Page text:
NEWS: Distributed energy resources, Electric vehicles
E3 Helps Oman’s Electricity Regulator Prepare for Electric Vehicles

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December 19, 2018

Globally, prices for light-duty plug-in electric vehicles (PEVs) are falling while their driving ranges are increasing, with some models now traveling more than 200 miles on a single charge. Automakers have announced plans to sell more than 120 PEV models by 2020, and PEVs may reach upfront price parity with internal combustion engine vehicles by 2025.

Motivated in part by robust projected growth in the market for PEVs, the Authority for Electricity Regulation, Oman (AER) recently engaged E3 and subcontractor Baringa Partners to survey international best practices and recommend actions the Sultanate of Oman can take to prepare for PEV penetration.

E3’s study surveyed North America, Europe, the Middle East, and China to distill international best practices in preparing for and promoting PEV adoption, including how countries have overcome adoption barriers, addressed data privacy and security concerns, and maintained safety and power quality.

The study also focused on regulatory issues in two key areas: ownership of electric vehicle supply equipment (EVSE) and business models for electric vehicle service providers (EVSPs). Questions for regulators include whether EVSPs are regulated as suppliers, whether utilities are allowed to own EVSE, and how to ensure non-discriminatory network access.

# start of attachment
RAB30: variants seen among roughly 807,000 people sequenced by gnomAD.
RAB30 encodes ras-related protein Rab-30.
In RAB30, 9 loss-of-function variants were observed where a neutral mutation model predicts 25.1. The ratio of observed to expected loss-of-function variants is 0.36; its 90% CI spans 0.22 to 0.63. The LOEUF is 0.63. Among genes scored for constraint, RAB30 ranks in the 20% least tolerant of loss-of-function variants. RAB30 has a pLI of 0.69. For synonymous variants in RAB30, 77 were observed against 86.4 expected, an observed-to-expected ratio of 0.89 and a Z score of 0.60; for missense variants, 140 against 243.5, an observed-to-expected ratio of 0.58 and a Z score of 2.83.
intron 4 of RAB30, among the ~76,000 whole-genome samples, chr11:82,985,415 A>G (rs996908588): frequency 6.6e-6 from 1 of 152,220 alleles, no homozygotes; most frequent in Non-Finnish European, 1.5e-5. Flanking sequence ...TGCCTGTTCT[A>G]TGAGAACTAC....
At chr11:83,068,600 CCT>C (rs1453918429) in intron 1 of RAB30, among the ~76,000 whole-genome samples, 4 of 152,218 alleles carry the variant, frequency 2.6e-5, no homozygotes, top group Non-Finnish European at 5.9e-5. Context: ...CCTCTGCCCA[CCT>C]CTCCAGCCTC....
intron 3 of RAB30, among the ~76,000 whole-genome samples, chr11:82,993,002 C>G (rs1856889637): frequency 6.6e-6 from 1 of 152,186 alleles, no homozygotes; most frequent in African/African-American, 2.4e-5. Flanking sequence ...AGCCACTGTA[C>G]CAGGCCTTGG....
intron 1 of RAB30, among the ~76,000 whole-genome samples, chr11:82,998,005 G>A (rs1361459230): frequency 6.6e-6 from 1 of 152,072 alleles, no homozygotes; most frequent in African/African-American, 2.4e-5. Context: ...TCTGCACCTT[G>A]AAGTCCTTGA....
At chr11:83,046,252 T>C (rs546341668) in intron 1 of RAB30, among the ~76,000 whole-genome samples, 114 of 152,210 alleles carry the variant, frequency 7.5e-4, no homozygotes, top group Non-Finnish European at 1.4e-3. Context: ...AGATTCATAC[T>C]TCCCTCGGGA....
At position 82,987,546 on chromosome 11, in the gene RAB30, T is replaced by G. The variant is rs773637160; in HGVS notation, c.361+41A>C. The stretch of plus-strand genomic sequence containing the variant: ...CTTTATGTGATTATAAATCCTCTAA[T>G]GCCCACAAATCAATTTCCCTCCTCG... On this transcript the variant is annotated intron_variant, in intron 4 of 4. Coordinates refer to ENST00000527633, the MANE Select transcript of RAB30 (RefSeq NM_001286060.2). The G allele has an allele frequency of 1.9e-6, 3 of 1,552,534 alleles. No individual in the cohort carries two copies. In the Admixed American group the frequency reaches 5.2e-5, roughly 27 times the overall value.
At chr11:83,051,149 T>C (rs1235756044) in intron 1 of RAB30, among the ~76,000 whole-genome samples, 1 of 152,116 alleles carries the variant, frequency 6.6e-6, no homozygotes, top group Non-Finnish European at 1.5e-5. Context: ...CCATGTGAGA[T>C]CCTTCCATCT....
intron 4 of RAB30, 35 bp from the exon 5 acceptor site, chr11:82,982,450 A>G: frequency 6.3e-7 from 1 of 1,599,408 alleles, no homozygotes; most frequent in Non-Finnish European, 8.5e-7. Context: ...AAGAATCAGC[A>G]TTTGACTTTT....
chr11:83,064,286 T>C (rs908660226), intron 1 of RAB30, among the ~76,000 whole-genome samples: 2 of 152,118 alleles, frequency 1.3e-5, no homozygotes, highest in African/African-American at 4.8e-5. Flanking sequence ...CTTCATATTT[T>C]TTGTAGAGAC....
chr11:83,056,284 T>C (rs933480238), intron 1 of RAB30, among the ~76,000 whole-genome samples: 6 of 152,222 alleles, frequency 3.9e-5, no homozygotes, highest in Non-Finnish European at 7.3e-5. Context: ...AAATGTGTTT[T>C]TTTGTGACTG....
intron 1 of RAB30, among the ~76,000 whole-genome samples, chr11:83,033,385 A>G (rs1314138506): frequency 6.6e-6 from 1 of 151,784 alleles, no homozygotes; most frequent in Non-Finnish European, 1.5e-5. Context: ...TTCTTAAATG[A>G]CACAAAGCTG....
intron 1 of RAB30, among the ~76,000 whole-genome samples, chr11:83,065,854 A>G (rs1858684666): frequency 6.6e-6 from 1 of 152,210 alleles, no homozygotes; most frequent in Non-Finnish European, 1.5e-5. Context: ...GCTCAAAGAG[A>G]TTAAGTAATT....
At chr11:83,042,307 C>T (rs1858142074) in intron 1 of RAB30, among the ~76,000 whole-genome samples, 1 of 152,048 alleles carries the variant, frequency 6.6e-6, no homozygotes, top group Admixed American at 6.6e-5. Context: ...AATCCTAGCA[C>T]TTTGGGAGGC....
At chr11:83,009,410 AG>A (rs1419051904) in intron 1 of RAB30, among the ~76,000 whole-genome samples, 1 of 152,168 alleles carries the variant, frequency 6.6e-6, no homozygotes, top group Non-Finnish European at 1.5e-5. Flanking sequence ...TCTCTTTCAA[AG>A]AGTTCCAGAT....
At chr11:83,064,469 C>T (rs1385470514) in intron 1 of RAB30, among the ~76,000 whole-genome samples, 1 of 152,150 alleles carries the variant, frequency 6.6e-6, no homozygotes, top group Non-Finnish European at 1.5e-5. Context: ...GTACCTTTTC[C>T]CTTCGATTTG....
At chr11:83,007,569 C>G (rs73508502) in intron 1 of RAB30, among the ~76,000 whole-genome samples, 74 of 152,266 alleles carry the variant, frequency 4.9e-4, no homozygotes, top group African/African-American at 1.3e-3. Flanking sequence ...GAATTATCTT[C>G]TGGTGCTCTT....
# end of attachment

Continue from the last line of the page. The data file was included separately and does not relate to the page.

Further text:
Among international jurisdictions actively promoting PEV adoption, E3’s study identified a range of best-practice options including:

  • Setting adoption targets
  • Offering PEV purchasing incentives
  • Exemptions from certain government fees
  • Access to dedicated high occupancy vehicle (HOV) lanes
  • Free or discounted parking
  • Preferential treatment in vehicle registration lotteries
  • PEV-friendly building codes
  • Consumer education programs
  • Allowing utility ownership of chargers (EVSE)

E3 engaged with a wide variety of stakeholders in Oman – including government ministries, car manufacturers, transit providers, and PEV owners – and considered country-specific economic, social, climatic and regulatory factors in developing its recommendations.

AER published an English-language version of the report in December 2018. The report and AER’s ongoing work on PEVs have received press coverage in the Oman ObserverMuscat Daily, Times of Oman, and

E3 experts Michele Chait and Lucy McKenzie conducted the study.

filed under: Distributed energy resources, Electric vehicles